Value Proposition Design

Jeff Foster
Jun 17 · 4 min read

I’m an engineer by heart, basically I like writing code and solving problems. As my career has evolved, I’ve come to realize that’s not enough.

When working at a startup, I focused on writing the perfect code (seriously it was awesome!). Unfortunately, in retrospect we failed because we focused too much on the code being clean, and not enough on the business around the code.

At an enterprise corporation, I focused on doing what I was told. If a sales person told me to implement feature X because a big customer was going to pay top dollar, then I did. The company made money, but the product often sat on the shelf or failed to live up to the promise. Enterprise software sells the dream, not the product.

I’m now in a leadership role, and I now understand there are three attributes for software to be successful. Firstly, it’ll need to be desirable. Someone needs to want it! Secondly, it needs to be profitable with a sustainable business model behind it. Finally, it needs to be feasible — we can build it.

Last week, I attended a two-day workshop on Value Proposition by the fine folks at Business Models Inc.

The process follows a double-diamond pattern. Firstly, focus on understanding and defining the problem. Only then focus on exploring and creating solutions.

Note that I’m presenting what I learnt as a linear walk through, but it’s not! Each stage of the journey results in learning which can feed both backward and forward leading to adjustments.

To understand and design the solution, you (unsuprisingly) need to understand the current condition. You might do this with a PEST analysis or Porter’s Five Forces, or a context map canvas. Your goal here is to understand the bigger picture to reveal potential business drivers or customer behaviours. For example, the emergence of GDPR compliance is a political change that opens up big opportunities.

From the context you are operating in, you generate enough insight to come up with a cover story (a vision). The purpose here is to create something the team can get behind, understand the questions that will be asked and the skepticism that might emerge.

It’s time now to understand who you are targeting. What is the persona? There might be many different personas involved. For example, is the user the same as the buyer? Are there different types of user? For each type of user, you’ll need to understand them in detail. What are their needs? What are their headaches? Fears? Hopes? Opportunities? Deeply understanding these needs is the only way to produce solutions that they’ll engage with.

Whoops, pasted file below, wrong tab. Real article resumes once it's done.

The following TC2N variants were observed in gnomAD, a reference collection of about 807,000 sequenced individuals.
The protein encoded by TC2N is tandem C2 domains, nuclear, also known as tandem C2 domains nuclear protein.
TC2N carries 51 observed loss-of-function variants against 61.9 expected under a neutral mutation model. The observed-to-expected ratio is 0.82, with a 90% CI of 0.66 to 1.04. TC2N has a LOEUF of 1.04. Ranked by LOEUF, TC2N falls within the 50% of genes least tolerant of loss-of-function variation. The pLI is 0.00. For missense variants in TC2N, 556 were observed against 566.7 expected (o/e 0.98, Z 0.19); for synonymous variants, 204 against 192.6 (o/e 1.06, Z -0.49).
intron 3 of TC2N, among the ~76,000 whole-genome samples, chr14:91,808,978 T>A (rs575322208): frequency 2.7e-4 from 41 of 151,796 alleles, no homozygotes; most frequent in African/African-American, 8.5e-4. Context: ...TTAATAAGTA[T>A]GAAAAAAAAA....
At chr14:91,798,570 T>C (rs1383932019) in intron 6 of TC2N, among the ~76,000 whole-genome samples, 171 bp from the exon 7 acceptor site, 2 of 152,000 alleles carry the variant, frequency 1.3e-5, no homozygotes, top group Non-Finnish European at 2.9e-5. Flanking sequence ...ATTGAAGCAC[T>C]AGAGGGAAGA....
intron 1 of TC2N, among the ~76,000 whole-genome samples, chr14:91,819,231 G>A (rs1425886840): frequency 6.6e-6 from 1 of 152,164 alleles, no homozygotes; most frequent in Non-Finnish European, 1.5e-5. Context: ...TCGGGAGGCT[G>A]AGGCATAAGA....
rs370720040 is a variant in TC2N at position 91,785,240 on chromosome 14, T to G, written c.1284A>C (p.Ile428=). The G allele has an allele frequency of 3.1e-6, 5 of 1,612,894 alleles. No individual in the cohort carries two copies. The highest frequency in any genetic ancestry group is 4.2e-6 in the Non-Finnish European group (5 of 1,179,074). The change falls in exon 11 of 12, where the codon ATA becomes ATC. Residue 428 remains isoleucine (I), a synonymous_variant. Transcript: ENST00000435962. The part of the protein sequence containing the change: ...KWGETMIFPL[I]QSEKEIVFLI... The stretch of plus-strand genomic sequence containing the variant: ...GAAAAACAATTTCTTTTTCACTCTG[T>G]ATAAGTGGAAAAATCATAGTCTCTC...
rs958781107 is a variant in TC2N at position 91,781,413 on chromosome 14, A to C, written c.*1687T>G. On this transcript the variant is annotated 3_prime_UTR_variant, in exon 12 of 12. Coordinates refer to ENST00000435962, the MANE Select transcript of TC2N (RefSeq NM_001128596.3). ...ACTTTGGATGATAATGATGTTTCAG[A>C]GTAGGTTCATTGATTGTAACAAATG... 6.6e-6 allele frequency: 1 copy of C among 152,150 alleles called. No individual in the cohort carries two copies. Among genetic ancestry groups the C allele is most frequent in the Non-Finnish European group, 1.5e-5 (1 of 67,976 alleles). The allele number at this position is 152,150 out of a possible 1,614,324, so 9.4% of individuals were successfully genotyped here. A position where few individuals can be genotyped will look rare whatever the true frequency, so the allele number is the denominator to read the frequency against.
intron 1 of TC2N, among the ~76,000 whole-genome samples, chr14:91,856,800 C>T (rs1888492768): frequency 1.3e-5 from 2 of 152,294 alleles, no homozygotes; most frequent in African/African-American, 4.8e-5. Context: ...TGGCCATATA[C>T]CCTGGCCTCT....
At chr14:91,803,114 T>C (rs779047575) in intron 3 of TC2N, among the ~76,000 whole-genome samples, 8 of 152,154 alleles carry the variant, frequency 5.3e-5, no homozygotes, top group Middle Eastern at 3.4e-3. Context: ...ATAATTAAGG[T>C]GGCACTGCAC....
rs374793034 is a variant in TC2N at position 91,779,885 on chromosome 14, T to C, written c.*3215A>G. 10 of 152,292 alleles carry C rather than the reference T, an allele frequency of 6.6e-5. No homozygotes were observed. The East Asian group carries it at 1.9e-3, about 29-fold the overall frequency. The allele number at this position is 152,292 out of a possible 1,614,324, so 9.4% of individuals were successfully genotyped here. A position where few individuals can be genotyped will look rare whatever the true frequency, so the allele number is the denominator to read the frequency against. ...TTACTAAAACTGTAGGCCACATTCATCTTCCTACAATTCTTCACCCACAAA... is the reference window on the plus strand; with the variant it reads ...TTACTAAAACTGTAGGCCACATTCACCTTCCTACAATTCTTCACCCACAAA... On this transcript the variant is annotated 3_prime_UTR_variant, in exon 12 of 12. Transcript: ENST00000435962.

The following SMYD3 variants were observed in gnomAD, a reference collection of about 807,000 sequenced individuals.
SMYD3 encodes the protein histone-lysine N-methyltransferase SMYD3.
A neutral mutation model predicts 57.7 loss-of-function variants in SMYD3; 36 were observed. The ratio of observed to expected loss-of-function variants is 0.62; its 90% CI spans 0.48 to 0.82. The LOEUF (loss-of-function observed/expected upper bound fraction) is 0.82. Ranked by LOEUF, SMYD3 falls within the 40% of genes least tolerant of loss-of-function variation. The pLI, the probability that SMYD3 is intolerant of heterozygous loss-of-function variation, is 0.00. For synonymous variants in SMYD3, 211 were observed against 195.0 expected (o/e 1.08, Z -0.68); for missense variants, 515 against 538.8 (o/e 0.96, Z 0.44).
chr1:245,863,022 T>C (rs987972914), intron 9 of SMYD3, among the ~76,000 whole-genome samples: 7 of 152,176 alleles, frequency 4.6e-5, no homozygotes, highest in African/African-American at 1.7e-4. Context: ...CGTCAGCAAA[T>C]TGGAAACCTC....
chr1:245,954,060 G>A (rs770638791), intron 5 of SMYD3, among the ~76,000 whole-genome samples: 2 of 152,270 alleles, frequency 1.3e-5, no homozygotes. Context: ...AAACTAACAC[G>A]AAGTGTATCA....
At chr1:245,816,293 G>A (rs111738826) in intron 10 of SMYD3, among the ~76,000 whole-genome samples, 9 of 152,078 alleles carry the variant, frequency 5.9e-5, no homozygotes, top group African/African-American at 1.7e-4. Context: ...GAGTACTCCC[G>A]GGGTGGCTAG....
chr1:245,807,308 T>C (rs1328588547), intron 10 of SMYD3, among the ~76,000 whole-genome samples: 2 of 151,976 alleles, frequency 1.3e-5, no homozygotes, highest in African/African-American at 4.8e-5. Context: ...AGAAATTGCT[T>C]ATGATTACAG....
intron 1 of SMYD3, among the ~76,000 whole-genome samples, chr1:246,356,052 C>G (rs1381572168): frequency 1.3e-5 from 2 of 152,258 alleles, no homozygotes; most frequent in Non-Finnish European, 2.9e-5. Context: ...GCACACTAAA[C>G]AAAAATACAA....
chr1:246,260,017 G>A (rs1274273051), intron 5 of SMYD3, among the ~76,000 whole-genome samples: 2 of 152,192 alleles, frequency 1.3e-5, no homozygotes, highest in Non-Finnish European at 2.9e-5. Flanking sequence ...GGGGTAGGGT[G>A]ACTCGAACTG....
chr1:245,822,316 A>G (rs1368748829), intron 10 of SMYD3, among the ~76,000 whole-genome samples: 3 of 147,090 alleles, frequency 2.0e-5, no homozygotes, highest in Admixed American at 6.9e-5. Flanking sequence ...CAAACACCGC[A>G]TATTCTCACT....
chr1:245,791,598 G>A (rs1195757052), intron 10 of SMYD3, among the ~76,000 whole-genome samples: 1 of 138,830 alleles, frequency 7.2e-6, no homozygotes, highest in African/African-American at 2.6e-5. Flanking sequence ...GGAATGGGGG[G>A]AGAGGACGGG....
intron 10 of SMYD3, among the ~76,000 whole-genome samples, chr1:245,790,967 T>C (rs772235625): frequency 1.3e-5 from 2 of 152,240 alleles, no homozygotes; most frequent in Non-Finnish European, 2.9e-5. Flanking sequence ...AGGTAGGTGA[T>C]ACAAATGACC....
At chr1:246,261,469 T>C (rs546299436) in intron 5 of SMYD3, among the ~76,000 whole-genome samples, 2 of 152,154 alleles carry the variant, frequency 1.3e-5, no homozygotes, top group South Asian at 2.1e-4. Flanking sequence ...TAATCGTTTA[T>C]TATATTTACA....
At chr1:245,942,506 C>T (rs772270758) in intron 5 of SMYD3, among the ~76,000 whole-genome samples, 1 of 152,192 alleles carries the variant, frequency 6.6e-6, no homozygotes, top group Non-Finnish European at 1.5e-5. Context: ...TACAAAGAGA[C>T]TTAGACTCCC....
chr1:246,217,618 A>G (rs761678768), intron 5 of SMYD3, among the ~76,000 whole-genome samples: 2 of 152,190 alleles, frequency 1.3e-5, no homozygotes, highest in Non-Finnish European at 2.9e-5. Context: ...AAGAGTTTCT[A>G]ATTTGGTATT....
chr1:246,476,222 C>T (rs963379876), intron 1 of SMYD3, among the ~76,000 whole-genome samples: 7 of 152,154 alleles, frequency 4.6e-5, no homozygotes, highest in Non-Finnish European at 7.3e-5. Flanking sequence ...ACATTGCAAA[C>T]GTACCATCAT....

One point Business Models made repeatedly is that people lie! If you ask people something, they’ll tell you what you want to hear, not the truth. This isn’t because they are horrible, it’s because they are nice.

After you’ve got the understanding of the problem, a potential solution and the people who will use that solution you can begin to understand the value proposition.

The value proposition is your way of communicating to the outside world the value in your product. As an example Uber’s value proposition is simple “Tap the App — Get a ride”. Stripe is an accessible, convienent and flat-priced payment provider. MailChimp allows you to “send better email”. These examples might sound like glib statements, but they help the company distinguish itself from peers and focus the business strategy.

The business model Value Proposition Canvas helps you construct a value proposition from the point of view of the customer.

The right hand side reflects the view of the customer. What is the job they are trying to do? What are their pains? What are their gains? Clearly articulating (and understanding!) these problems is vital.

The left hand side focuses on your solution. How are you going to relieve pain from this customer? What gains are you going to create? And finally (and only once you’ve understood the environment!) what products and services are you going to use to solve these problems?


I’d seen these tools being used around Redgate, but this training course gave me a much better understanding of the big picture. Of course, having the canvasas and using them are too different things and Business Models Inc. gave us great feedback about using them effectively.

Highly recommended!

Ingeniously Simple

How Redgate build ingeniously simple products, from inception to delivery.

Jeff Foster

Written by

Head of Product Engineering at Redgate.

Ingeniously Simple

How Redgate build ingeniously simple products, from inception to delivery.